Drive around Jamaica and you’ll whizz by food stalls at the roadside, small stands with fish roasting on grill grates and stock pots brimming with soup roiling over open flames. If you’re on one of these drives, and if your eyes catch a vendor with small clear bags stuffed with bright red shrimp, you should slow down and try some.
Pepper shrimp is a street food born in Middle Quarters, a village in the Parish of St. Elizabeth, tucked next to Black River, where the shrimp are caught. The shrimp are frequently referred to as crayfish, though there are two different species fished from the Black River, one a native freshwater shrimp and the other an invasive crayfish. Plucked from the river in bamboo traps, a tool and method of catching freshwater shrimp believed to have been brought to the island by enslaved West Africans some 300 years ago, the river shrimp are small with tender shells, and you can eat them whole. But because of fluctuations in supply due to the effects of weather, season, and demand, they are used interchangeably with saltwater shrimp; it’s not uncommon to see vendors selling both river and ocean shrimp side by side, for the customer to choose.
Their distinctive bright red color is both an advertisement and a warning: these shrimp are hot. For those who want to make pepper shrimp at home, the vivid color can be the hardest element to replicate, since it’s produced by a combination of the cooked shells, the intense number of crushed Scotch bonnet peppers, and, often, a dose of red food coloring. While there’s no harm in using food coloring to make pepper shrimp, I wanted to find another, less artificial ingredient that could stain my shrimp red, ideally while also paying homage to Jamaica’s culinary past.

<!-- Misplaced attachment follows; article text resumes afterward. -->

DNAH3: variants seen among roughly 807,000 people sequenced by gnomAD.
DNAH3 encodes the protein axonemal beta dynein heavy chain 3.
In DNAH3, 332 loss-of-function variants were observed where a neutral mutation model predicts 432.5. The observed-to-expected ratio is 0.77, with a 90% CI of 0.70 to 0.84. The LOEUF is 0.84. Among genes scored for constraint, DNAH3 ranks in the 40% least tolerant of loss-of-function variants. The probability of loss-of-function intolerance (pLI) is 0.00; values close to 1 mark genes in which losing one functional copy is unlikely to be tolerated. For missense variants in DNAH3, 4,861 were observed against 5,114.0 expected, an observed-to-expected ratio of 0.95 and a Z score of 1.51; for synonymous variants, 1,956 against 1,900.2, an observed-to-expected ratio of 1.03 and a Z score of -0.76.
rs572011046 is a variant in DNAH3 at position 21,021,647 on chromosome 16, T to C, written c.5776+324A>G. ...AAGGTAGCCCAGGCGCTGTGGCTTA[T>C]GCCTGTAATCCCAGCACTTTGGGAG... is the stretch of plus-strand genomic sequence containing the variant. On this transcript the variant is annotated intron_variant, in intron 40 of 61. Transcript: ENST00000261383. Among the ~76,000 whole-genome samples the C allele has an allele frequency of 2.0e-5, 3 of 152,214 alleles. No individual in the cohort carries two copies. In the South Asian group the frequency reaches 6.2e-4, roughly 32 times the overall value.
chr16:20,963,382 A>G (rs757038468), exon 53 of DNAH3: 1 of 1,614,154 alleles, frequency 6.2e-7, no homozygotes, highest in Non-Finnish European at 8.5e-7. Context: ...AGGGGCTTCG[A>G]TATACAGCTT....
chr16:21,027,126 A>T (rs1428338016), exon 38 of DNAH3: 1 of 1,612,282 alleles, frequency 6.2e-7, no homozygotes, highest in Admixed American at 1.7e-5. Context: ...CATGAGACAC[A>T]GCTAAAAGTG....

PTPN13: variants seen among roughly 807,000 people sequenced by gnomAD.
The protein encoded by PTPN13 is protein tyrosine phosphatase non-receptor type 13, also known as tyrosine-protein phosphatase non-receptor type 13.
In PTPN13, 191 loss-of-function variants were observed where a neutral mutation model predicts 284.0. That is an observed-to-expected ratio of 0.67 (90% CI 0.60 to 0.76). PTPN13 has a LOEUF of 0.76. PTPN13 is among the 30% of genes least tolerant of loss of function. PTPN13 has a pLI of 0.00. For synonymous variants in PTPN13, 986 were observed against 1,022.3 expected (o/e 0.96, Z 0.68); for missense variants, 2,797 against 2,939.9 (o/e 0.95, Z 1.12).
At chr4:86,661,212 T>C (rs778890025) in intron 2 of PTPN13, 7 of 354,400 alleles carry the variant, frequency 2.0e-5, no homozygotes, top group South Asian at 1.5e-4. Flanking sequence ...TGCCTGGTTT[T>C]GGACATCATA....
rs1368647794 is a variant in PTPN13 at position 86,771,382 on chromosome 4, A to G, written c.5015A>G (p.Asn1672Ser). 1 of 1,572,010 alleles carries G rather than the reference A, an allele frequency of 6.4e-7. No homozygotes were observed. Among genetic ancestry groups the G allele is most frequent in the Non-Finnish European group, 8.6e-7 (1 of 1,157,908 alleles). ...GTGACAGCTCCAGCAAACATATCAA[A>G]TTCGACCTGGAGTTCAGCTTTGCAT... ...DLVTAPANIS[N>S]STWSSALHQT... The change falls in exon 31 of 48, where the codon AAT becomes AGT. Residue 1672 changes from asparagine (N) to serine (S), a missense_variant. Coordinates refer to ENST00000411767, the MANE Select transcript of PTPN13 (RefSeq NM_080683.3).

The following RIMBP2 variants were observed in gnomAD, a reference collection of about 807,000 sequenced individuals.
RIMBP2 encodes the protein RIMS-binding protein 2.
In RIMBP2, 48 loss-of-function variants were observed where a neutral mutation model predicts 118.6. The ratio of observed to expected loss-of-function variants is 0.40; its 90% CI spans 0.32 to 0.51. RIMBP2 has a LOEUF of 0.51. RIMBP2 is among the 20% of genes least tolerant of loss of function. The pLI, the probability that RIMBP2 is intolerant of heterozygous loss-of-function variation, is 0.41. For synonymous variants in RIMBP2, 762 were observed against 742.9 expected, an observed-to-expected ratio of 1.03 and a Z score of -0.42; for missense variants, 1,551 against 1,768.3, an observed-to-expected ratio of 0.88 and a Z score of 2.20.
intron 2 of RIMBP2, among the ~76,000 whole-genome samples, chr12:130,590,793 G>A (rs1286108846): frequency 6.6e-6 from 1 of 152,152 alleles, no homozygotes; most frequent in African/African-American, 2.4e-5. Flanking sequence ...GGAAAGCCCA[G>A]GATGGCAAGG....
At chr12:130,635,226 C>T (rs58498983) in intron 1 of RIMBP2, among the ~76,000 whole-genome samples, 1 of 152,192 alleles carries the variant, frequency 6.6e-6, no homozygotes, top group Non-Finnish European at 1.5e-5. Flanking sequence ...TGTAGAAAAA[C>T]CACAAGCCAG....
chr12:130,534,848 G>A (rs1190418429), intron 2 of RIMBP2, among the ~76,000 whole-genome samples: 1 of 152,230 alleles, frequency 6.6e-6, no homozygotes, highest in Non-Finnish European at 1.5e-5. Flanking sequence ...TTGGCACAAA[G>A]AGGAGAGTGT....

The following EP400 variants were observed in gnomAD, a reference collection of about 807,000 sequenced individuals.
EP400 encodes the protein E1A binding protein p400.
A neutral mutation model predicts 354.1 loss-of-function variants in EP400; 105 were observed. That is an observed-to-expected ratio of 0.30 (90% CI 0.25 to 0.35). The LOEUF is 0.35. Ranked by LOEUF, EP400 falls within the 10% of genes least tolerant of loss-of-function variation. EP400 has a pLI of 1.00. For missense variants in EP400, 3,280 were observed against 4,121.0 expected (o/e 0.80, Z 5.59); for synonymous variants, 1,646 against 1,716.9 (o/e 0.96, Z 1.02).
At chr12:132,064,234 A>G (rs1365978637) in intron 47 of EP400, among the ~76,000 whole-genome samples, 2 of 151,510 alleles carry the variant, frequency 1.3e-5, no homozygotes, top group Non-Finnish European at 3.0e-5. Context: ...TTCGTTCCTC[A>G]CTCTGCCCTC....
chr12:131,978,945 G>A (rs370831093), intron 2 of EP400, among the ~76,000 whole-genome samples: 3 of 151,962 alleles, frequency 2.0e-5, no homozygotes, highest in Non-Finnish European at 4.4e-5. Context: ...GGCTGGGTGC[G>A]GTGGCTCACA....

That led me to annatto, which is also known as achiote. Annatto trees, from the bark to the seeds, were used to color fabrics and skin various shades of red and orange by the indigenous Taino peoples of Jamaica; it has also long been used as food coloring for yellow cheeses, and sometimes by little girls who want to wear “lipstick.” When Spanish colonizers arrived on Jamaican shores, the annatto tree was so pervasive in the St. Mary port, they renamed the location from Guayguata, its indigenous Taino name, to Annotto Bay (“annotto” is a variant spelling of annatto). Today, annatto is widely available in seed, paste, powder, and oil form, and while it has a subtle earthy and smoky flavor, it’s primarily used for its color.
In this recipe I use annatto powder and, optionally, annatto seed oil, allowing the shrimp to marinate in the mixture to absorb some of that signature tint. I’ve also scaled back on the heat level you’d likely find in pepper shrimp sold in Jamaica, but it’s still spicy. That said, you have lots of control over the intensity of the chile heat: Chopping the peppers more finely and including their seeds will deliver the hottest shrimp (as would increasing the total number of Scotch bonnets in the recipe), while removing the seeds, or even leaving the peppers whole, lowers the heat even more. No matter what you do, be sure to wear gloves when cutting the peppers or a mindless rub of the eyes a little later will leave you in excruciating pain.
If you can’t find Scotch bonnets, you can use a tablespoon of bottled Scotch bonnet pepper sauce as a substitute, or you can search for the ripest habaneros you can find; however, habaneros have a zippier, more direct heat than the sweet, slow-building Scotch bonnets, so you may not want to use as many.